News accounts and analyses on other blogs have usefully described and critically assessed the “demonetization” shock that Prime Minister Narendra Modi gave the Indian economy on November 8. Here we emphasize two features of Modi’s initiative that have been little noticed. First, the combination of demonetization followed by “remonetization” will transfer billions worth of US dollars from the Indian public to the Indian government. Second, the skewed pattern in which new notes will be injected will favor some sectors over others.
To recap, Modi announced that, in order to fight untaxed “black money” holdings, the two highest denomination rupee notes would be demonetized the next day (the Rs. 500 and Rs. 1000, worth about $7.50 and $15). Indian citizens have some weeks to deposit the invalidated notes into banks for deposit credit, or exchange them for new valid notes of Rs. 500 and Rs. 2000. But the exchanges can only be made in small amounts (Rs. 2000, or $30, per person per day) for the time being and, as Devangshu Dattapoints out, “only with identity proofs (which hundreds of millions don’t have) and the additional hardship of standing in many queues for many hours.” Once a greater volume of new notes becomes available, currency withdrawal limits will be relaxed, but those who deposit more than Rs. 250,000 (about $3676) in old notes face promised scrutiny by tax authorities.
Currency transactions play a huge role in the Indian economy. To list some pertinent facts about the importance of currency in India:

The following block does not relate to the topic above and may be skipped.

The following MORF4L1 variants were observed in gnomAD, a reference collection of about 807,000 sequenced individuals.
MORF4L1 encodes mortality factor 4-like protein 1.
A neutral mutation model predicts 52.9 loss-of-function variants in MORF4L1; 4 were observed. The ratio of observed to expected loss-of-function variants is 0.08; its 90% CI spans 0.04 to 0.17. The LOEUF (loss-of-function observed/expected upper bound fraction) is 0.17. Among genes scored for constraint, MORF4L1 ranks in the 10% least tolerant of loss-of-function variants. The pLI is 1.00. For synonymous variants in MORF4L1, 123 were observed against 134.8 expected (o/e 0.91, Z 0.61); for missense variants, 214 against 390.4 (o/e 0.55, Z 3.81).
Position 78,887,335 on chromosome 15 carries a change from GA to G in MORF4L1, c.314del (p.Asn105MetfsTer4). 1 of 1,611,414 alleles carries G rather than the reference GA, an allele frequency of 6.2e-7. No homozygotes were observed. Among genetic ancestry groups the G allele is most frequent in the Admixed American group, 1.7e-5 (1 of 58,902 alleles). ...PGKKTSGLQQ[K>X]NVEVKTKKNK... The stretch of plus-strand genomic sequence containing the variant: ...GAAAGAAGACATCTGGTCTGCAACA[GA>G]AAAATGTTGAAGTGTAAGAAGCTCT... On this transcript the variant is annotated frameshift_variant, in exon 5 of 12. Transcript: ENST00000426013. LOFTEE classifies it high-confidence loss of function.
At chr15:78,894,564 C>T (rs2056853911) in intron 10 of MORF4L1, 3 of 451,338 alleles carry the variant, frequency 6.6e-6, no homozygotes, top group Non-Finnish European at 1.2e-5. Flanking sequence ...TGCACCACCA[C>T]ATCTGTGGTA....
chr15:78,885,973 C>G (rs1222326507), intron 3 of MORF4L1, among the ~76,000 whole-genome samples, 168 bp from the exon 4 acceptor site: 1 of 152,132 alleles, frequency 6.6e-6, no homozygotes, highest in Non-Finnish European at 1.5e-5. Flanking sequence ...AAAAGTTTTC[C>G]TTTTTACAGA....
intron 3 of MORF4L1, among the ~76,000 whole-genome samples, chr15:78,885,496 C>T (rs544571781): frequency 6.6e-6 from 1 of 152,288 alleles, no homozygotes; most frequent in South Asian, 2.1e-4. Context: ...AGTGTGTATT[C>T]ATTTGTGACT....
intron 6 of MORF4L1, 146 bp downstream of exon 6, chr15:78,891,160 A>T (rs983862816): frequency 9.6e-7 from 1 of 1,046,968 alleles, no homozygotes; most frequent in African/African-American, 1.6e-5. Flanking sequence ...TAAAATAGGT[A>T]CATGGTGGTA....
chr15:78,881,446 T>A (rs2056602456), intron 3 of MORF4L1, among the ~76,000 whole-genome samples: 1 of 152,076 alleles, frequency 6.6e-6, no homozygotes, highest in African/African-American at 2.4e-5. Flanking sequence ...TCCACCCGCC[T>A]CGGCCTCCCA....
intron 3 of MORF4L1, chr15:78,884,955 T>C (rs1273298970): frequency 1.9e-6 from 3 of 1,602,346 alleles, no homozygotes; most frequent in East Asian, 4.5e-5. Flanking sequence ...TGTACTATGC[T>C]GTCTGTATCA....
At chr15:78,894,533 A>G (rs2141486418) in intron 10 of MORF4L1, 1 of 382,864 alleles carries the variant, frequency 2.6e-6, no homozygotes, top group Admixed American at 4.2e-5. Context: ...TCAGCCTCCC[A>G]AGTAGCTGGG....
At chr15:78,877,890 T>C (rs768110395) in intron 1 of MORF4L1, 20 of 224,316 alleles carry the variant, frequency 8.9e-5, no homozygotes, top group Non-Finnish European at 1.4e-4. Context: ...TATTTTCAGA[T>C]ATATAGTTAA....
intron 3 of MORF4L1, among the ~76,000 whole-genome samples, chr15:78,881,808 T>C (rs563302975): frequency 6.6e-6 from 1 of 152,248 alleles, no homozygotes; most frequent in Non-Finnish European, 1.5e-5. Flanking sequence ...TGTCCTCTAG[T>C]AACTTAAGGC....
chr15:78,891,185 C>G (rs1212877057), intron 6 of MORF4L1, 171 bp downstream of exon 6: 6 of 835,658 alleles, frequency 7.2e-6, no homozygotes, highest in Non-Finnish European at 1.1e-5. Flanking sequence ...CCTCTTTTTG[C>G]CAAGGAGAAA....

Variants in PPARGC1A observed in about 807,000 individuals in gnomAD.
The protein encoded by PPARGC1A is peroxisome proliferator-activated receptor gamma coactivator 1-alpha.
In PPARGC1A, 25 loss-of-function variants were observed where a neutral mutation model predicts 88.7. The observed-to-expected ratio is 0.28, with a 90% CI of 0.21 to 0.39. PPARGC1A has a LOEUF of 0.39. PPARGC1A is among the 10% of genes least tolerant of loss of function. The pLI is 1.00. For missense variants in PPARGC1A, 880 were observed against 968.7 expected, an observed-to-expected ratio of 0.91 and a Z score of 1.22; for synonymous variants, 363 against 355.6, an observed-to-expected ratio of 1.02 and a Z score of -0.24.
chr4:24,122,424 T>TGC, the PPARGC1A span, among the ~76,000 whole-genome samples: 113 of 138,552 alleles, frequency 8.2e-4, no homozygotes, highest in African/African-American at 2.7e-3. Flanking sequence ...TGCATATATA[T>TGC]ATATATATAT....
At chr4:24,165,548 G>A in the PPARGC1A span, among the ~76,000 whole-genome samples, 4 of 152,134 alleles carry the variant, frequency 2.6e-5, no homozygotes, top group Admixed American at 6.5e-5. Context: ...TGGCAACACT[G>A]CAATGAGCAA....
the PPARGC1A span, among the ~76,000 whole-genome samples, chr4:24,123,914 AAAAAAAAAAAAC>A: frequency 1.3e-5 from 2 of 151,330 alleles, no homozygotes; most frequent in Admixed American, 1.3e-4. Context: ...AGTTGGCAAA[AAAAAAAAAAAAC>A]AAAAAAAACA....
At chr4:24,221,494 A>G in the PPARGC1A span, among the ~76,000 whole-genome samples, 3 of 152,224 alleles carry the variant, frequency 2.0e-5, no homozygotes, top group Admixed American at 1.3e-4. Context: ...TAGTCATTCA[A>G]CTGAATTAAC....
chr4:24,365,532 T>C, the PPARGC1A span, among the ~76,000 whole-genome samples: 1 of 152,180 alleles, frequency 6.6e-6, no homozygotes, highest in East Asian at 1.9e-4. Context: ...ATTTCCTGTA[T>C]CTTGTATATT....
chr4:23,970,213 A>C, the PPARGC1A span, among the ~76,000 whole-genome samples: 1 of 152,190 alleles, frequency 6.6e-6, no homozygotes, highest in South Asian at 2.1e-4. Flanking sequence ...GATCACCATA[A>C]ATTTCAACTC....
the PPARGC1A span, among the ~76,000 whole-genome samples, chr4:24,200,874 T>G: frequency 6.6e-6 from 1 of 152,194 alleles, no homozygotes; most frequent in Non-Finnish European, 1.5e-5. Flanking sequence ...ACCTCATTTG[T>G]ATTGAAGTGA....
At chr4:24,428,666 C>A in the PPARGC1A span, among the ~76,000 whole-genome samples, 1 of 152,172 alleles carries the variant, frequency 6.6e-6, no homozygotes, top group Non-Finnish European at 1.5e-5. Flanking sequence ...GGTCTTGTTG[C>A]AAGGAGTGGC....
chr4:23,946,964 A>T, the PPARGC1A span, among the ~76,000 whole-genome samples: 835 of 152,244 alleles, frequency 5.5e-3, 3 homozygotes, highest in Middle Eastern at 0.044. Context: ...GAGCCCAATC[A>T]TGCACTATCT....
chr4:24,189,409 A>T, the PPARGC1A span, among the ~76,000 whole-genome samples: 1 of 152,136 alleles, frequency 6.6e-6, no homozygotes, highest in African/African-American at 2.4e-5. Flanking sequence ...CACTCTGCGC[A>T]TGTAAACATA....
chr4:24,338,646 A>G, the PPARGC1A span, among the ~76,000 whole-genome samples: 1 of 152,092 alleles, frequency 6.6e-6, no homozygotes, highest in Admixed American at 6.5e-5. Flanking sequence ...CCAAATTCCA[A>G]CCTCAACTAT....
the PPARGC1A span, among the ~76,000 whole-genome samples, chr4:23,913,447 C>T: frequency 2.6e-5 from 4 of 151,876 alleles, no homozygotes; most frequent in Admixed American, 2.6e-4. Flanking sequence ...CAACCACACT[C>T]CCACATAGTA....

- Over 90% of all transactions in India are (or were) conducted in currency.
- 47% of the population (almost 600 million people) is unbanked, unable to substitute into check-writing or debit or credit card use.
- The Reserve Bank of India puts currency held by the Indian public at Rs. 17 trillion, or 62% of M1 (the sum of currency and checkable deposits).
- The two invalidated note denominations make up more than 80% of currency in circulation.
Half of India’s money stock (80% of 62%) has thus been at least temporarily immobilized. The immobilization imposes special hardship on the unbanked population. About 30% of the population lack even the basic ID required to change old for new currency notes. Those who sell old notes for new in the informal market suffer a loss of around 20% (the exchange rate reported in recent days).
Here we consider three different aspects of India’s currency cancellation policy: (1) the effects of transition away from old notes, (2) the fiscal impact of transition into new notes, and (3) the impact of the non-uniform injection of the new notes into the economy.
1. Effects of transition away from old notes
Modi’s surprise announcement imposes a one-time wealth loss on currency holders who are unable or unwilling to convert their entire holdings of old notes. This is actually intentional, because the idea is to eliminate untaxed or illegally gotten wealth held in currency.